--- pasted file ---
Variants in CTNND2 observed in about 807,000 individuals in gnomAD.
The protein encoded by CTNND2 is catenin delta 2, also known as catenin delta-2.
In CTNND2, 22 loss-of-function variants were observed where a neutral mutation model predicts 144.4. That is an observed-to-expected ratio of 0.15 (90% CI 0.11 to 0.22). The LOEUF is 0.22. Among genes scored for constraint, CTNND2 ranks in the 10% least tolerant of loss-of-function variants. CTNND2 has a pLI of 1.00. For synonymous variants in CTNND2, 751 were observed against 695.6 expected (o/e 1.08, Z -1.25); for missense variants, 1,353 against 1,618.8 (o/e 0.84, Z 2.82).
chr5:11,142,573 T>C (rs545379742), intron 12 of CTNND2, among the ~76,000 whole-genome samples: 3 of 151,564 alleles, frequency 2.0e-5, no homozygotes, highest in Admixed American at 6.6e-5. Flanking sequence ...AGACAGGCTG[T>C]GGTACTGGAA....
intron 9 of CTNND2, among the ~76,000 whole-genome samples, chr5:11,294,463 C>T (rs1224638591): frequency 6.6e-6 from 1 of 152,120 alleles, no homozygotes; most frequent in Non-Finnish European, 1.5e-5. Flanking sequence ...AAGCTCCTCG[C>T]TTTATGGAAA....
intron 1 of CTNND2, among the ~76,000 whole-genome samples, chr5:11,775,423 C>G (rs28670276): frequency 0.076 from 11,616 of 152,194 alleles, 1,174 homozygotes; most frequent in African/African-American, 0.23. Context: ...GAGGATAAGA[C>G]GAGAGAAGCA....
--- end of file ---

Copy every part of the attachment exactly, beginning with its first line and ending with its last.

Variants in CTNND2 observed in about 807,000 individuals in gnomAD.
The protein encoded by CTNND2 is catenin delta 2, also known as catenin delta-2.
In CTNND2, 22 loss-of-function variants were observed where a neutral mutation model predicts 144.4. That is an observed-to-expected ratio of 0.15 (90% CI 0.11 to 0.22). The LOEUF is 0.22. Among genes scored for constraint, CTNND2 ranks in the 10% least tolerant of loss-of-function variants. CTNND2 has a pLI of 1.00. For synonymous variants in CTNND2, 751 were observed against 695.6 expected (o/e 1.08, Z -1.25); for missense variants, 1,353 against 1,618.8 (o/e 0.84, Z 2.82).
chr5:11,142,573 T>C (rs545379742), intron 12 of CTNND2, among the ~76,000 whole-genome samples: 3 of 151,564 alleles, frequency 2.0e-5, no homozygotes, highest in Admixed American at 6.6e-5. Flanking sequence ...AGACAGGCTG[T>C]GGTACTGGAA....
intron 9 of CTNND2, among the ~76,000 whole-genome samples, chr5:11,294,463 C>T (rs1224638591): frequency 6.6e-6 from 1 of 152,120 alleles, no homozygotes; most frequent in Non-Finnish European, 1.5e-5. Flanking sequence ...AAGCTCCTCG[C>T]TTTATGGAAA....
intron 1 of CTNND2, among the ~76,000 whole-genome samples, chr5:11,775,423 C>G (rs28670276): frequency 0.076 from 11,616 of 152,194 alleles, 1,174 homozygotes; most frequent in African/African-American, 0.23. Context: ...GAGGATAAGA[C>G]GAGAGAAGCA....